Apple has released a patch to remedy a major iMessage vulnerability called FORCEDENTRY. Security researchers at Citizen Lab found the exploit on a Saudi activist’s iPhone, saying that it was effective against iOS, MacOS, and WatchOS devices.
The attackers used FORCEDENTRY to remotely exploit the target’s device and infect it with the spyware Pegasus. The researchers believe that a client of NSO Group is behind the attack. NSO Group has faced intense public scrutiny for its spyware amid reports of its misuse by NSO’s clients.
The exploit has raised concerns over the ease of such attacks, and whether Apple is doing enough to protect its users.
Zero-click Exploit FORCEDENTRY
Researchers at Citizen Lab call the exploit “FORCEDENTRY” as it circumvents Apple’s software security feature “BlastDoor.” Citizen Lab noted its use last month by the Bahrain Government to hack into activists’ devices.
FORCEDENTRY is a zero-click exploit, which means it doesn’t require the victim to click on anything. Attacks were not visible to the user. Furthermore, the exploit was previously unknown to Apple, as was the fact that it has been used since February this year.
In the current incident, they found traces of the FORCEDENTRY exploit chain on the Saudi Activist’s iPhone. These files contained a “.gif” attachment and were determined to have been sent right before the device was hacked.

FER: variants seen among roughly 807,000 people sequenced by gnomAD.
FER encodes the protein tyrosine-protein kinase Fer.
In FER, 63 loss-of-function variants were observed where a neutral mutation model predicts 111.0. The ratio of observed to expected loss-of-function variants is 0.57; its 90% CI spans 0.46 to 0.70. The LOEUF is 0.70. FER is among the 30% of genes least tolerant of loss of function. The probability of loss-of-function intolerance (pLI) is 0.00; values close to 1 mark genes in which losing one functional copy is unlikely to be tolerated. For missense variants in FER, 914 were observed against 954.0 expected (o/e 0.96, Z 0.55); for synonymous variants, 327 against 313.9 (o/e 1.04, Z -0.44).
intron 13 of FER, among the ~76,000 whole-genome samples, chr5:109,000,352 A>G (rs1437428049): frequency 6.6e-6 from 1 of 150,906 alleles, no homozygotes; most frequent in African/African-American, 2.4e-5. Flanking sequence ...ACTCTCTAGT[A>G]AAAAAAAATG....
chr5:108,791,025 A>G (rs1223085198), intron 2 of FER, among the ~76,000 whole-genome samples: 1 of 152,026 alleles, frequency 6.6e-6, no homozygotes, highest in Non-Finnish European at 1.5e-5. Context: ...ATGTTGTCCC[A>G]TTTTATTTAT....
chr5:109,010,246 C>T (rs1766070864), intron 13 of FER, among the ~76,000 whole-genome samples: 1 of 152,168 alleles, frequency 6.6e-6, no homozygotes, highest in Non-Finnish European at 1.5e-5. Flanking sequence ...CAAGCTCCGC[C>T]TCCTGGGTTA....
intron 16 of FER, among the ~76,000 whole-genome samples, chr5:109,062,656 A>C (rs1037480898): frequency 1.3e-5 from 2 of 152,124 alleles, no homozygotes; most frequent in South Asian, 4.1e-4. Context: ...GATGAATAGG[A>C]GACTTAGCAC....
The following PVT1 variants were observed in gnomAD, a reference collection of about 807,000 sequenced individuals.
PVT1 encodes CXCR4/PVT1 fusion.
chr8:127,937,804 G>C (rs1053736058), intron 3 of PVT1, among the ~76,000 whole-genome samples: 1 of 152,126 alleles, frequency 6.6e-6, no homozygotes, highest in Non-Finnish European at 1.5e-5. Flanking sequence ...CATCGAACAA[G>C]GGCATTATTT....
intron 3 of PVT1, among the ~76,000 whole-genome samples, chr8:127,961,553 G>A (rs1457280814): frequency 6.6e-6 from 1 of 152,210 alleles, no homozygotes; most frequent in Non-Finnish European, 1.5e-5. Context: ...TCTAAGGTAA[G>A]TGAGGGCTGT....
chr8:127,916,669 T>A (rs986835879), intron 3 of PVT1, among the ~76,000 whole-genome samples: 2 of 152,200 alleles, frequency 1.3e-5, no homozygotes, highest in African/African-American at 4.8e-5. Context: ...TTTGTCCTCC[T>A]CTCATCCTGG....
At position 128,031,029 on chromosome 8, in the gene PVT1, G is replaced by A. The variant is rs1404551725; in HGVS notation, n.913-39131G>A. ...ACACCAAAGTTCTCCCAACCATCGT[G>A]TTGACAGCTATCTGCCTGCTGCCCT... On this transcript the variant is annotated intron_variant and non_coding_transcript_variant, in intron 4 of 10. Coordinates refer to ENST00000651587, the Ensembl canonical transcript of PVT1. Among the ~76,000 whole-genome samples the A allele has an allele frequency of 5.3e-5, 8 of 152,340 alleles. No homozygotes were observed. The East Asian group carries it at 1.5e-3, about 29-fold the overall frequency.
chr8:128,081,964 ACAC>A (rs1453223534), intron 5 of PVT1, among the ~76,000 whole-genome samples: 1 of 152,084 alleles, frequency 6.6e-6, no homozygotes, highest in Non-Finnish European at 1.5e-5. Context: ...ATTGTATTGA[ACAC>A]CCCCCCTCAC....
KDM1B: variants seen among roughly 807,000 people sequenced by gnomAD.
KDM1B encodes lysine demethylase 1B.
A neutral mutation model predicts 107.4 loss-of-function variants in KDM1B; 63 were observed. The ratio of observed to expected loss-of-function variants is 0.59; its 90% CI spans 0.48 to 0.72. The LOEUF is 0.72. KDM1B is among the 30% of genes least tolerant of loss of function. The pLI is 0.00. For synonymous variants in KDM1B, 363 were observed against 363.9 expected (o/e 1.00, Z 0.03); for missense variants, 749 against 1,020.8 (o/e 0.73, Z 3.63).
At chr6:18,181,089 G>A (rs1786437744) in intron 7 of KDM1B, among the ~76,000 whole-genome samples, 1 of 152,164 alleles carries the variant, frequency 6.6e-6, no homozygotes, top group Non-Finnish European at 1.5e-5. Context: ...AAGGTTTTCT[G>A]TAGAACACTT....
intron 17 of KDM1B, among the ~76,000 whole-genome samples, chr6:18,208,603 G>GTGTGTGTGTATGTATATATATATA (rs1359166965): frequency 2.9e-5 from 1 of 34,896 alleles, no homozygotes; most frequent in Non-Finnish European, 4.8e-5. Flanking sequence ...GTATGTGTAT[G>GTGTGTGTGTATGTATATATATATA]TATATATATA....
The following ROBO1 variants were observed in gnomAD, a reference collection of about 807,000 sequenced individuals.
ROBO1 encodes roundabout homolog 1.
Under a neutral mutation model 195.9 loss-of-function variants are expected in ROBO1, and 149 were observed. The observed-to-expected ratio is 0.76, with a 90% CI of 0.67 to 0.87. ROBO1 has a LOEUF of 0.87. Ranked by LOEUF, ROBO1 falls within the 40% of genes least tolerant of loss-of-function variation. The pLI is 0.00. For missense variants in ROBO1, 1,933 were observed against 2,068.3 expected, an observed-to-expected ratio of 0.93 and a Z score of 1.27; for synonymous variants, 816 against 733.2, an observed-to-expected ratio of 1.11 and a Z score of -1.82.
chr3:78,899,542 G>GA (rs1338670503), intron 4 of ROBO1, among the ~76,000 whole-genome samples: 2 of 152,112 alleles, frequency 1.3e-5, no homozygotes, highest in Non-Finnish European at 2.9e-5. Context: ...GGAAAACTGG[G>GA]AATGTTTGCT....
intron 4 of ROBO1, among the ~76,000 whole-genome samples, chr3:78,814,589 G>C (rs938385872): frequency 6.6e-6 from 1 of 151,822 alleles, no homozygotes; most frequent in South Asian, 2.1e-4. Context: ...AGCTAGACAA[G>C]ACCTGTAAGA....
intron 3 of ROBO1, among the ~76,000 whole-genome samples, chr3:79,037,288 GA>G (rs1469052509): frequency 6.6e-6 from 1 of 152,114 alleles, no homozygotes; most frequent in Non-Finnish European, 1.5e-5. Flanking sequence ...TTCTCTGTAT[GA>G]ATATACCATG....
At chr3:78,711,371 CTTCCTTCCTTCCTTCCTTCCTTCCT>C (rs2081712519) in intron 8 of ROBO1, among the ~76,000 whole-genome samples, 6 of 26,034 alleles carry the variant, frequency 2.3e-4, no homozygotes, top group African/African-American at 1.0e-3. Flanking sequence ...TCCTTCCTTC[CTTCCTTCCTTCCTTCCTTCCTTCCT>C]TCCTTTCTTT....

Citizen Lab sent over these artifacts to Apple, who confirmed that the files included a zero-click exploit. This works by “exploiting an integer overflow vulnerability in Apple’s image rendering library (CoreGraphics),” Citizen Lab reported.
The exploit then installed spyware on the device, which Citizen Lab attributes to NSO Group. They were able to link the attack to a 2020 Pegasus hack of 36 Al-Jazeera journalists.
Concerns Over Apple Device Hacks
Apple released a security update on Monday, September 13, for iOS 14.8 and iPadOS 14.8. The company said that it was aware that the vulnerability “may have been actively exploited.” The incident has raised concerns about whether Apple is doing enough to protect its users from such attacks.
According to John Scott-Railton, senior researcher at Citizen Lab, popular apps such as iMessage are “currently the royal road for nation-state groups and mercenary hackers to target phones.” “Ubiquitous chat and messaging apps are a serious attack surface. And it’s time for them to get a lot more secure,” he added.
Claudio Guarnieri, the head of Security Lab at Amnesty International, called for a change in focus for companies like Apple. “Perhaps next fall, instead of a phone with obnoxious amounts of cameras and pixels, I would welcome a more affordable, accessible, and secure device we could have some confidence in,” he said.